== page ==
From the Freeman’s Journal, 2 July 1846:
“SHOOT THE CAT
Mr Nicholas Doolan summoned Mr John Frederick William Bayley ‘for constant annoyance by firing an air gun, and destroying his cats.’ The parties are solicitors, and reside within a short distance of each other – one in Gardiner-street, the other in Gloucester-street.
Mr Doolan said – I find this gentleman is licensed to keep a gun – it’s an air, or, I believe, a walking-stick sort of gun. He either allows persons to fire it, or he does so himself, much to the annoyance of all the neighbours, but more to my annoyance. They are in the habit of shooting at the back of my house, and they killed my pet cats.
A Voice – Shoot the cat!
Mr Doolan – They not only annoyed me, but they actually destroyed all my poor little pet cats, and I can bring a woman who saw a young gentleman in Mr Bayley’s house, or Mr Bayley himself, do it.
Mr Bayley – I never did.
Mr Doolan – They shot two fine pet cats belonging to me, the second of my poor cats was shot on last Saturday week. My servant heard the cries of the poor little creatures, and Mr Fenton sent in his servant to tell me he heard the cries of the poor pet also.
Mr Bayley – Before this case is gone into I must object to it being heard. The bench has no authority whatever to enter on it, and I deny the whole charge in toto
Dr Kelly – Do you say that no person on your premises fired the gun?
Mr Bayley – I do not, but I deny the whole thing altogether.Dr Kelly – Yes, but you know, every man who is annoyed can best tell where the shoe pinches. What do you say to this matter, feeling as a gentleman ought to feel under such circumstances?
Mr Bayley – I say this – Mr Doolan is a professional gentleman, and ought to know his business.
Dr Kelly – Then as a member of one branch of the legal profession, if you hold up a brother member in this way, it is not the way I would treat, or act by a brother member of the profession to which I belong. I ask you, as a gentleman, will you put an end to the annoyance?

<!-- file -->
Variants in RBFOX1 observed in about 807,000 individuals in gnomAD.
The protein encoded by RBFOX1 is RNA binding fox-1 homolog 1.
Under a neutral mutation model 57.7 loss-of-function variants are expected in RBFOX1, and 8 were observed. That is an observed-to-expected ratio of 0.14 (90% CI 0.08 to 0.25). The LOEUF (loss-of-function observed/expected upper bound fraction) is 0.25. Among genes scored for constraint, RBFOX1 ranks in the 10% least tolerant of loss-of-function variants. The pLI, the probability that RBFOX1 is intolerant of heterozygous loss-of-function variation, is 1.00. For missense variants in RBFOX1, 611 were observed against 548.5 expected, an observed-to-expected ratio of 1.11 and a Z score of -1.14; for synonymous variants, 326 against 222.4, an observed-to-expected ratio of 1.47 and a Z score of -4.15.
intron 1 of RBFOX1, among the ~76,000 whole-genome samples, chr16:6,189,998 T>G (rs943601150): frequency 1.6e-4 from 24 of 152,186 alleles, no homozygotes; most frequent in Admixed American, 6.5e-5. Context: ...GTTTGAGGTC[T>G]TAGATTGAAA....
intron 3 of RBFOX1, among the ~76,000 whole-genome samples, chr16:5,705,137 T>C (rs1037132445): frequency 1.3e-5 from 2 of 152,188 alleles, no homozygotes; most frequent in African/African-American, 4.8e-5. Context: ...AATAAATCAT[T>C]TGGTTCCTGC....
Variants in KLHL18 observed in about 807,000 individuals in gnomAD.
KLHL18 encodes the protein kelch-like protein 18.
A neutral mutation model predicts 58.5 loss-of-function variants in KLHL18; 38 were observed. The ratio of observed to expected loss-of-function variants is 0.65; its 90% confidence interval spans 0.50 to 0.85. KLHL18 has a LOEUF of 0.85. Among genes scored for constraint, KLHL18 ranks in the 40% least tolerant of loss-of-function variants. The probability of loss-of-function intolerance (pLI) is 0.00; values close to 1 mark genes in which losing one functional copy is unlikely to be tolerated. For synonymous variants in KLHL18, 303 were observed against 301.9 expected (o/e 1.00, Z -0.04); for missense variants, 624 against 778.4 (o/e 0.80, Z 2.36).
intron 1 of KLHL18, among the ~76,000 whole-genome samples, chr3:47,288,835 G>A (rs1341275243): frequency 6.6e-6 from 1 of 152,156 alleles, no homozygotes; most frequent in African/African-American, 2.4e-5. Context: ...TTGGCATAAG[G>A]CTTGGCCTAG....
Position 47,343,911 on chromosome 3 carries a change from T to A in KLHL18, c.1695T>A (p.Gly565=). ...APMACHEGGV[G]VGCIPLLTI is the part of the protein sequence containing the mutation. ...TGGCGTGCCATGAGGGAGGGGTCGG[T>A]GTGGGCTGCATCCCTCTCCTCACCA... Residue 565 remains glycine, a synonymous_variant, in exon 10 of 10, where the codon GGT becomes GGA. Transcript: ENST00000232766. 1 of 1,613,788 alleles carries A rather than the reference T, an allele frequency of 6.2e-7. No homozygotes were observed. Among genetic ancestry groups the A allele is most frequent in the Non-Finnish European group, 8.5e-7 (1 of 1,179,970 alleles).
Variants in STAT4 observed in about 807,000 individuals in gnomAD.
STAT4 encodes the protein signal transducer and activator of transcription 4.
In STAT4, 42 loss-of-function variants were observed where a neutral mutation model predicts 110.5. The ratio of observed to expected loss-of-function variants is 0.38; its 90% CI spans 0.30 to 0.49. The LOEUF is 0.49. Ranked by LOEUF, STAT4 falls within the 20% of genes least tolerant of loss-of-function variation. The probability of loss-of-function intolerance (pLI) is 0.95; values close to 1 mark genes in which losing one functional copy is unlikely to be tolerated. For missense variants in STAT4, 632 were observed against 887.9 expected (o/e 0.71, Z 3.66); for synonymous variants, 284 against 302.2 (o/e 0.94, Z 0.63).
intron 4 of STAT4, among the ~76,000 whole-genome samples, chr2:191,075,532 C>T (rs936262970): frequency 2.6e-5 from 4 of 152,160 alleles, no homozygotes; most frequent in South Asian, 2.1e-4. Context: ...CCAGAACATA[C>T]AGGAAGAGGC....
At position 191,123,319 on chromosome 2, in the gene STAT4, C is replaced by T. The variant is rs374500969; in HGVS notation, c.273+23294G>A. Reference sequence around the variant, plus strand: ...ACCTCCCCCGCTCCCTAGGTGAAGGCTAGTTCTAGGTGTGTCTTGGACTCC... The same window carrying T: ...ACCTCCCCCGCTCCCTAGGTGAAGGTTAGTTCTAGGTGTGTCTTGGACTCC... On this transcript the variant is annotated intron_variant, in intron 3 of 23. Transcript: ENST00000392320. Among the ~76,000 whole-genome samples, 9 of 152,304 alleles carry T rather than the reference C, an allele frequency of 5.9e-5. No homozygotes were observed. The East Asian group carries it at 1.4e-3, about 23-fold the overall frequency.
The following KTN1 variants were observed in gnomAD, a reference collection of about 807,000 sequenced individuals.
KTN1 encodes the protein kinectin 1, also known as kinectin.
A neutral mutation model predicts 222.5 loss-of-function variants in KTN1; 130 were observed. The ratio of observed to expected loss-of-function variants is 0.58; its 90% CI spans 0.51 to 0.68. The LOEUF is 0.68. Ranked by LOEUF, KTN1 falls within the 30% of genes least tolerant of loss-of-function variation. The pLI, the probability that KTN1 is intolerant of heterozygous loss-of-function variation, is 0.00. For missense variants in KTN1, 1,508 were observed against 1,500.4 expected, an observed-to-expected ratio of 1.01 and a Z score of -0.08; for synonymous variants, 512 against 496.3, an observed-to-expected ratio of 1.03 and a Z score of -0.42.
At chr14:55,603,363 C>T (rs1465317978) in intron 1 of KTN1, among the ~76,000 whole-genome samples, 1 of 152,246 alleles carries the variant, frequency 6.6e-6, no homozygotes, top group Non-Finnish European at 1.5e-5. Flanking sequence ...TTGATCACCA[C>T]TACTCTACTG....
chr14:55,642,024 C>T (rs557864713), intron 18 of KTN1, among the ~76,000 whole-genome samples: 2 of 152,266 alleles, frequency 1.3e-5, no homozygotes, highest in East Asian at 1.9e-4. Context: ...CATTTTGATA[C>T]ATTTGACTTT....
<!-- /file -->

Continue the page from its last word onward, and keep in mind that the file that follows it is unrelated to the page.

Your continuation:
Mr Bayley – I will not undertake anything in this case.
Dr Kelly – Then, as a conservator of the peace, I will see what I can do in it.
Mr Doolan went on to say that on Saturday week last one of his little pet cats was shot; he heard the cries of the little creature. Mr Fenton sent in his servant to tell him (witness) and he brought the body of the little animal; life was quite extinct; he went into defendant’s house on Monday, and told him of the matter; defendant said he knew what witness was about and –
Mr Bayley – No, I did not.
Mr Doolan said he addressed the defendant, and hoped he would give him redress by telling him who did it; he (Mr Doolan) knew that Mr Bayley did not do it himself, but he hoped he would give him the name of the person who did so. Mr Bayley said the name would not do any good, as the young gentleman was upwards of 100 miles from Dublin at the moment. Witness said that was not a fair excuse, and if his (witness’s son) had done the like to Mr Bayley, he would give him up to punishment for such an act. He had evidence to show that for the last six weeks the gun was discharged very often during the day, but he could not tell the hand that fired it; Mrs Doolan, who was in a very delicate state of health, was dreadfully annoyed at the conduct of the parties alluded to, and, in fact, the inhabitants of the whole house were in great danger.
Dr Kelly asked defendant if he would give an assurance that the annoyance should be discontinued.
Mr Bayley – I will not give any assurance whatever.
Dr Kelly – Then I will take informations against the young man in your house, and have him brought before me on a warrant. It is outrageous on your part to act in this manner.
Mr Bayley – I never did anything of the kind.”
Mr Doolan – Dr Brady told me his children were in great danger in consequence of the constant shooting.
Dr Kelly – Exhibit your informations before me, summon the young man whose name is unknown, and summon Mr Bayley as a witness here on Friday next, and if the party whose name is unknown refuses to appear, I will have him apprehended on a warrant.
Mr Bayley said he would attend without a summons.
The parties then retired.”
There is no further reference to the case, so it may have settled, hopefully with an apology from Bayley Junior. Mr Bayley lived at 24 Upper Gloucester Street and Mr Doolan at 12 Lower Gardiner Street, and you can see the proximity of their respective premises on the map above.
Mrs Doolan appears to have died not long after, as there is a record of Mr Doolan’s remarriage in 1850 to Alicia, widow of Richard Howard, of Nenagh. Mr Doolan must have been an animal lover, since there is a previous record of him having brought, in February 1839, a private prosecution against a hackney car boy for cruel treatment of his horse. The case made the newspapers when it was discovered that the boy’s income was a scant few shillings a week.
Hard times for children… and animals!